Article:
Fights Frequenting Middle School: Why’s That?

Amanda Yanez , Staff Writer

Have you been involved in or seen a fight recently? It is self-evident that violence and fighting has become a drastic obstacle occurring in adolescents’ lives.
Fighting has especially been recognized throughout middle schools in the U.S. In 2011, a survey conducted by the Children’s Institute International revealed that almost fifty percent of all teenagers believe that their schools are becoming more violent.
But what is causing this disruption in children? Holbrook Middle-High School’s new Principals Round Table, where students discuss topics along with the principal, has debated this topic. Students say that possible reasons for participating in fighting are for attention, something to prove, enjoy the drama, self defense, and just simply like to fight. Clearly these reasons are not appropriate for a fight to take place on school grounds.
Something to take into consideration is that during the middle school experience, bullying, harassment, homophobia, and racism are all problems students are facing. During this crucial time in development these injustices tend to lead to violence. The culture and environment of a person can affect them drastically and in today’s standard fighting is considered “normal”. Young children growing up around this leads to even more violence.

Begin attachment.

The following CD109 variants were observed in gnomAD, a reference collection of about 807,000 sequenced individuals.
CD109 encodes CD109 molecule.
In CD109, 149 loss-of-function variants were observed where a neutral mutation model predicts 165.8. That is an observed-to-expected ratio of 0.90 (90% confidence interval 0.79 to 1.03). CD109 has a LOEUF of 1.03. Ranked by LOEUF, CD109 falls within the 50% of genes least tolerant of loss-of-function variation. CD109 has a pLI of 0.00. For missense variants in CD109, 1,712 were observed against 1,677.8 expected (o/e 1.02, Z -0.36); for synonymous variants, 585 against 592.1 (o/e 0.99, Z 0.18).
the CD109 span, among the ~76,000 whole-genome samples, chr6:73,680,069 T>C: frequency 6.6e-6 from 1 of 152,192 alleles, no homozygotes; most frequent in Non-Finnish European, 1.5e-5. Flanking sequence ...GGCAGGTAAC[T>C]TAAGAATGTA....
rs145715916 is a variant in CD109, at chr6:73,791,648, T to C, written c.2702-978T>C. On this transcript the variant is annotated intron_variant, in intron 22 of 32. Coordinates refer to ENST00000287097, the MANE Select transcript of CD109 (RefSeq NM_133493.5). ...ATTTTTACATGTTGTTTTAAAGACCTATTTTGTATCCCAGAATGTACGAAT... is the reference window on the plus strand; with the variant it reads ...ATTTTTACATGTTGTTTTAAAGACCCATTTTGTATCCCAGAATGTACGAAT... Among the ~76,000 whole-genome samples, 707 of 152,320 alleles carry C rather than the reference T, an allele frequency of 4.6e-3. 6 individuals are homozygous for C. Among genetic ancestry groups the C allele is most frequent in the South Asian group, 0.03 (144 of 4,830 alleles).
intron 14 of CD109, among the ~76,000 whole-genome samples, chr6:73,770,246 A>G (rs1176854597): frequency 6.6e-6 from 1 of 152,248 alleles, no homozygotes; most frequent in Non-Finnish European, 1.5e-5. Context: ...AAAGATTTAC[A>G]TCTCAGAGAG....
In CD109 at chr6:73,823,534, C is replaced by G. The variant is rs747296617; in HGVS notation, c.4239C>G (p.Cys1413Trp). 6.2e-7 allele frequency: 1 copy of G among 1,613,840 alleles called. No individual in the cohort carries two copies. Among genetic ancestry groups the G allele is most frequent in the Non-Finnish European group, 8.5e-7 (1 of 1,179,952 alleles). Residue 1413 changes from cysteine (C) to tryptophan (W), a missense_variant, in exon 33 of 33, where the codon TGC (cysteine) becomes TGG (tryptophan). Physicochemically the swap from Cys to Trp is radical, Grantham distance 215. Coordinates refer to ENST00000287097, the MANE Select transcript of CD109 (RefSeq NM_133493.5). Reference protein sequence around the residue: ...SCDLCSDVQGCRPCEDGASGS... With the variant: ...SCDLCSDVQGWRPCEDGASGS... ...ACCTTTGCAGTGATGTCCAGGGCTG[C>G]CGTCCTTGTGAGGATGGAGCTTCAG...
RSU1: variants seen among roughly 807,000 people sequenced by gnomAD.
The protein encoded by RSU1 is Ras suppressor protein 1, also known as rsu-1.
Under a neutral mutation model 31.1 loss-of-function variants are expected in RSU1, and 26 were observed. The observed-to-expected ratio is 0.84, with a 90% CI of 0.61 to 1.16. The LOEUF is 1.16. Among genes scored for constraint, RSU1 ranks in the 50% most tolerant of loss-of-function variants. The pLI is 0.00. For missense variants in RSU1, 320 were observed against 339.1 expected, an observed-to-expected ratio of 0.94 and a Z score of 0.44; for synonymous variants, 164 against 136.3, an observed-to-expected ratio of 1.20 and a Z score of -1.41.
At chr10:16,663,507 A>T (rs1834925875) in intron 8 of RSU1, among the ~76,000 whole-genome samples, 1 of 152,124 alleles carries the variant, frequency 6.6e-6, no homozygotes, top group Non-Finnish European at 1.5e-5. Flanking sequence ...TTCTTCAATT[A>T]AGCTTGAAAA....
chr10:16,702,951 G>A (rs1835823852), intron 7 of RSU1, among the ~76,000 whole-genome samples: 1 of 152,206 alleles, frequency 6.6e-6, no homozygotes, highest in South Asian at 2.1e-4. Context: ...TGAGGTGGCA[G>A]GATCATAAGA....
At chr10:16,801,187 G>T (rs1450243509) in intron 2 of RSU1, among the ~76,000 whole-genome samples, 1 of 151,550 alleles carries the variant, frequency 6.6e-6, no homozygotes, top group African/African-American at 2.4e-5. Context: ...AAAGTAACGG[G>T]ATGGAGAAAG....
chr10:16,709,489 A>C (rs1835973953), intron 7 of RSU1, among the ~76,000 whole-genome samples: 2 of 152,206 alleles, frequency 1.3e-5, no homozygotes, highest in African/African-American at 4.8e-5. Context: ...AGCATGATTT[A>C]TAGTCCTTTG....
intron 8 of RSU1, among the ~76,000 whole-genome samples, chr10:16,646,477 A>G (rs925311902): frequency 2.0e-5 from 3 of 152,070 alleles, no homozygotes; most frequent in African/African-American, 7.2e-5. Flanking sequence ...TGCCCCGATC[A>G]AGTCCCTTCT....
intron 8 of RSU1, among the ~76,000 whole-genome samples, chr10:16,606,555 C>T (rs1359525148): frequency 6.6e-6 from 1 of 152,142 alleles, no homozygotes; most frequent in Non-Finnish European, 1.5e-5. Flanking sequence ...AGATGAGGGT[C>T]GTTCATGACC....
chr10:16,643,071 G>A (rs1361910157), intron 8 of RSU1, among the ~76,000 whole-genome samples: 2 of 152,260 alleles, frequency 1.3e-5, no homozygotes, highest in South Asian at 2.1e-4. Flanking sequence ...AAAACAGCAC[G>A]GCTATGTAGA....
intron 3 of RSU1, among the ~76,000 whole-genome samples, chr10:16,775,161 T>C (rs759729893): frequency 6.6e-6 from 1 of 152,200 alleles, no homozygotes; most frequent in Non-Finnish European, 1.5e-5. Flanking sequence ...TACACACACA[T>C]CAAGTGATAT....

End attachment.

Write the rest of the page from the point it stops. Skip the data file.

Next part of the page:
Another theory was, could the pandemic have affected the students in a way for fighting to increase?
Mrs. Trioa, middle school math teacher at Holbrook Middle-High said, “The pandemic has caused students to not be properly prepared for social situations and don’t know how to navigate socially.”
As we recognize those who do fight, we also invite those who don’t to set an example for those who struggle with violence. “We need good leadership from not only the teachers but the students.” says Principal Tarsky. It is shown that students who participate in multiple activities are less likely to condone fighting. Taking anger and inputting it into something that can benefit you is a healthy way to cope with overflowing violent emotions. Principal Tarsky adds, “The vast majority are not fighting but one fight is one too many.”
There is no way to eliminate violence in schools but there are ways to prevent it. Teaching students how to convert their violent emotions, building relationships with teachers and advisors, learning how to reach out when in need, are all ways to prevent fighting.
Ms. Gallagher, middle school English teacher, says, “To help stop fighting in the middle school, the school and families of the student body have to work together.”
It is important for everyone to realize that violence is never the answer and there is always another way to resolve issues.